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English 9A Literary Terms Notes

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Title: English 9A Literary Terms Notes Author: St. Johns Public Schools Last modified by: Christina Snyder Created Date: 11/5/2010 2:23:06 PM Document presentation format – PowerPoint PPT presentation

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Title: English 9A Literary Terms Notes


1
English 9A Literary Terms Notes
  • The Scarlet Ibis

2
Point of View (narrative)
  • Narratorteller of the story
  • (To narrateto tell a story)
  • Through whose eyes does the reader view the
    story?
  • 1st person (insider)
  • 3rd person (outsider)

3
1st person point of view (an insider)
  • A character in the story who can tell the story
    from the I vantage point cannot tell you
    thoughts of others (only his own thinking)
  • Examples
  • TKAM (Scout Finch)
  • The narrator of The Scarlet Ibis

4
3rd Person point of view (an outsider)
  • 3rd Person OMNISCIENT
  • (all-knowing narrator)
  • Outsider tells the story
  • and can enter the minds
  • of all the characters

5
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6
  • 3rd Person LIMITED
  • Outsider tells the story focusing on only one
    characters perspective
  • Example The Most Dangerous Game
  • Whose perspective is focused on in this story?

7
  • 3rd Person OBJECTIVE (dramatic)
  • Outsider tells the story like a newspaper
    reporter who merely relates the facts without
    presenting the thoughts or feelings of the
    character

8
  • Example A Rose for Emily by William Faulkner.
  • Here is a passage
  • They rose when she entereda small, fat woman in
    black...She did not ask them to sit. She just
    stood there in the door and listened quietly
    until the spokesman came to a stumbling halt.
    Then they could hear the invisible watch ticking
    at the end of the gold chain. Her voice was dry
    and cold, I have no taxes in Jefferson. Colonel
    Sartoris explained it to me. Perhaps one of you
    can gain access to the city records and satisfy
    yourselvs.
  • Emily Grierson?

9
Foreshadowing
  • An authors use of hints or clues about events
    which will occur later.
  • Example Shooting of rabid dog, Tim Johnson
    foreshadows the shooting/death of Tom Robinson in
    To Kill a Mockingbird.

10
Flashback
  • An interruption in the action of the story to
    show an episode that happened at an earlier time.
    It is a useful literary device because it can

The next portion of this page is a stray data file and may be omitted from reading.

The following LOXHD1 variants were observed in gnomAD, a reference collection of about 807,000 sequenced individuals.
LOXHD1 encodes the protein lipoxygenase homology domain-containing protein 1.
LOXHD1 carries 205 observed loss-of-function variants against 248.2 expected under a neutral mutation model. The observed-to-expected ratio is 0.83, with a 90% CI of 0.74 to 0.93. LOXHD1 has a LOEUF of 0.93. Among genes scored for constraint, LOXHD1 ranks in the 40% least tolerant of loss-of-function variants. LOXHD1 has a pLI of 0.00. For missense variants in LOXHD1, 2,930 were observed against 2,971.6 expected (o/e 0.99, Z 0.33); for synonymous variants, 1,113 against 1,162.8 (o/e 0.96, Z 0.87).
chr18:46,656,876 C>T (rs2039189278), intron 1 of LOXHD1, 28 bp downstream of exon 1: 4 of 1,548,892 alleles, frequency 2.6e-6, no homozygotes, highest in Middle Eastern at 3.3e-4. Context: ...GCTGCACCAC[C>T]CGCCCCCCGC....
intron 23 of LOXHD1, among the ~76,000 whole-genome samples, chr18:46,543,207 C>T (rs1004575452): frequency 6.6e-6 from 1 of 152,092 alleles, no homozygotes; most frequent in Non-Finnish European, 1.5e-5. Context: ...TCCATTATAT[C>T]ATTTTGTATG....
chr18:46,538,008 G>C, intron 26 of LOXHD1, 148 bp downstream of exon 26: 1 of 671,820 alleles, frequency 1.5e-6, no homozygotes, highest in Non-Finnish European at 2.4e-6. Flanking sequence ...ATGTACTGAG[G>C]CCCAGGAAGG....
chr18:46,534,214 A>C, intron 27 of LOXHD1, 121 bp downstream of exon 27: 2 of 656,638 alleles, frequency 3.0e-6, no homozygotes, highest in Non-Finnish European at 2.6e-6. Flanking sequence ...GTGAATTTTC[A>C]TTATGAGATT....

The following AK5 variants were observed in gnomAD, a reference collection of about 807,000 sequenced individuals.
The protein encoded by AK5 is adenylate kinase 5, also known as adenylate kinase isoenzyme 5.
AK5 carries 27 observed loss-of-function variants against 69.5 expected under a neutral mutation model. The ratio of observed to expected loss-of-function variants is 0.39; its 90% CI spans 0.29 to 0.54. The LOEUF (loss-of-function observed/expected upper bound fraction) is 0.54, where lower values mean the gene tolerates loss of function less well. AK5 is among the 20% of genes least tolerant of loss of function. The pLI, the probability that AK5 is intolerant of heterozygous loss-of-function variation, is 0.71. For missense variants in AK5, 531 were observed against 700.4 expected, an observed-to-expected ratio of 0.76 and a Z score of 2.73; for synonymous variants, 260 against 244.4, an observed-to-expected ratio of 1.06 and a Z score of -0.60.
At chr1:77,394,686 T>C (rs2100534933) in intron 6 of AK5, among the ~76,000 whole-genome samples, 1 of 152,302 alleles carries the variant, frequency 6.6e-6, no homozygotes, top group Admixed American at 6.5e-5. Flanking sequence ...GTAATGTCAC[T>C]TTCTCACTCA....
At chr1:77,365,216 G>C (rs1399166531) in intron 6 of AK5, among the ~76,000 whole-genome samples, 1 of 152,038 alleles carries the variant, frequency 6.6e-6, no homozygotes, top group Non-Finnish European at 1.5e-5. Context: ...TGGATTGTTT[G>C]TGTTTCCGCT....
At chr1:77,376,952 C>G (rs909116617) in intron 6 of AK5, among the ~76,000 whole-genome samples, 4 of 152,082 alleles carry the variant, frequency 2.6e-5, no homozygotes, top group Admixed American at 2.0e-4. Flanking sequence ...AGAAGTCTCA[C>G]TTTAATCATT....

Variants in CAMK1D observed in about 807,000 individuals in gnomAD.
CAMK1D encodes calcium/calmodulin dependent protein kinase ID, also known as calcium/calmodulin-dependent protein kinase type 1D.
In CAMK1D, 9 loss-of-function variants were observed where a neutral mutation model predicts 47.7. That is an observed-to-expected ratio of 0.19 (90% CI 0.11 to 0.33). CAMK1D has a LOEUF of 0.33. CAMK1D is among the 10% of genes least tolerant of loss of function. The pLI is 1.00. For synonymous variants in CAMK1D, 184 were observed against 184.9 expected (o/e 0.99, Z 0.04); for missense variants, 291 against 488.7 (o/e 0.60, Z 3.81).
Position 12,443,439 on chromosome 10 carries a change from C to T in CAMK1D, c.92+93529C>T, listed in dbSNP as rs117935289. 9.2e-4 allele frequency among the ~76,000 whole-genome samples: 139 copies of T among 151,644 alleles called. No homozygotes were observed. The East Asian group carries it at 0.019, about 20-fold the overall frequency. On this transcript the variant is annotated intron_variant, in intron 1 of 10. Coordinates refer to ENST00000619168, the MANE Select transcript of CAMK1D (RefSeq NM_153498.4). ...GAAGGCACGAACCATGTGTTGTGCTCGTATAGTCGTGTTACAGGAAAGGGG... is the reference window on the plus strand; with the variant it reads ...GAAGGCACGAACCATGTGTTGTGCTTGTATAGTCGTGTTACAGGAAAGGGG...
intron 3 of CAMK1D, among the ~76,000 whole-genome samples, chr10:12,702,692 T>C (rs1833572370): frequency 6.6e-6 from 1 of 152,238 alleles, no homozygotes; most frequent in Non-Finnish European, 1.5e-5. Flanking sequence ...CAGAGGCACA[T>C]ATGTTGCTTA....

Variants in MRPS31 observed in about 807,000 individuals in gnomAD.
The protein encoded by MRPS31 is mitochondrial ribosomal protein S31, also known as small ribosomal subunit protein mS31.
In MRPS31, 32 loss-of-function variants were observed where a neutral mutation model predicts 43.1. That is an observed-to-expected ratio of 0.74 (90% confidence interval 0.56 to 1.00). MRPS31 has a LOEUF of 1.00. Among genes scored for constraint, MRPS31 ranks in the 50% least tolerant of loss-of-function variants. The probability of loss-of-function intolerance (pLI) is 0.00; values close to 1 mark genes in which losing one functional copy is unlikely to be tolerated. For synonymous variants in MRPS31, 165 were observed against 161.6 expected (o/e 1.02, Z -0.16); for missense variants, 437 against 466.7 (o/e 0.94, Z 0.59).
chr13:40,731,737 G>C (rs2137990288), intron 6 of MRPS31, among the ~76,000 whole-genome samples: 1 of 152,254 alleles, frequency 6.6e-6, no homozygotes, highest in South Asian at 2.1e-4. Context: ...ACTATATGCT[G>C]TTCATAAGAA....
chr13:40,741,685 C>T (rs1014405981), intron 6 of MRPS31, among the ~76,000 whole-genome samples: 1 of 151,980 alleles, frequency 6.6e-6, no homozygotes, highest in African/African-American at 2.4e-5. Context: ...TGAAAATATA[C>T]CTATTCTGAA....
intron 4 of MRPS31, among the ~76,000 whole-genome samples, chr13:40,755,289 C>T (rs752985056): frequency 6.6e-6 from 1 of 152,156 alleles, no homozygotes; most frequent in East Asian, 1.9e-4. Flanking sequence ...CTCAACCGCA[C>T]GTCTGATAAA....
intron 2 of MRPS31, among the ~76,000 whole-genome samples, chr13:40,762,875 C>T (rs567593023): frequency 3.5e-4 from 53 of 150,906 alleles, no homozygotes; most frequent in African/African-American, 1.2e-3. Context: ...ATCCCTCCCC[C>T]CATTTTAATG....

provide background information necessary to
    understand characters or plot.

11
Example
  • The story of The Scarlet Ibis is told from the
    perspective of an adult having a series of
    flashbacks about his childhood involving brother,
    Doodle.

12
Video example
  • In the movie, The Sandlot, Michael (Squints) is
    trying to explain to Scotty Smalls why the dog
    next to their baseball field (The Beast) is so
    dangerous. This flashback provides the story of
    The Beasts violent nature
  • (video on next slide)

13
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14
Symbols
  • Anything that suggests a meaning beyond its
    obvious one
  • Examples
  • The mockingbird innocent beings
  • The ibisDoodle
  • ?happy
  • ? love

15
Imagery
  • Concrete details (word choice/phrases) which
    appeal to the 5 senses. Authors use imagery for
    2 purposes
  • To help the reader draw a mental picture
  • Arouse emotions/establish mood so the reader
    feels what the characters feel

16
Imagery Example
  • The music coursed through us, shaking our bodies
    as if it came from within us. (Physical
    appeal/sense of touch)

17
Simile
  • Comparison between UNLIKE things using words
    like or as
  • Example John runs like the wind and is as
    strong as an ox.

18
Metaphor
  • Comparison between two essentially UNLIKE
    things-without using words like or as
  • Examples
  • The tumbleweeds are the lost children of the
    desert.
  • Wolfing your lunch

19
Hyperbole
  • Exaggerated statement used deliberately to
    heighten effect on listener
  • Examples
  • The coffee was so strong you could stand a spoon
    on it
  • I am so hungry I could eat a horse!
  • The music was deafening.
  • I am starving!

20
Alliteration
  • Repetition of initial consonant sounds
  • Example It tastes better baked in butter.

21
Onomatopoeia
  • A words sound that imitates its meaning
  • The embers in the fire crackled and snapped late
    into the night.
  • She was sloshing through the melted snow.
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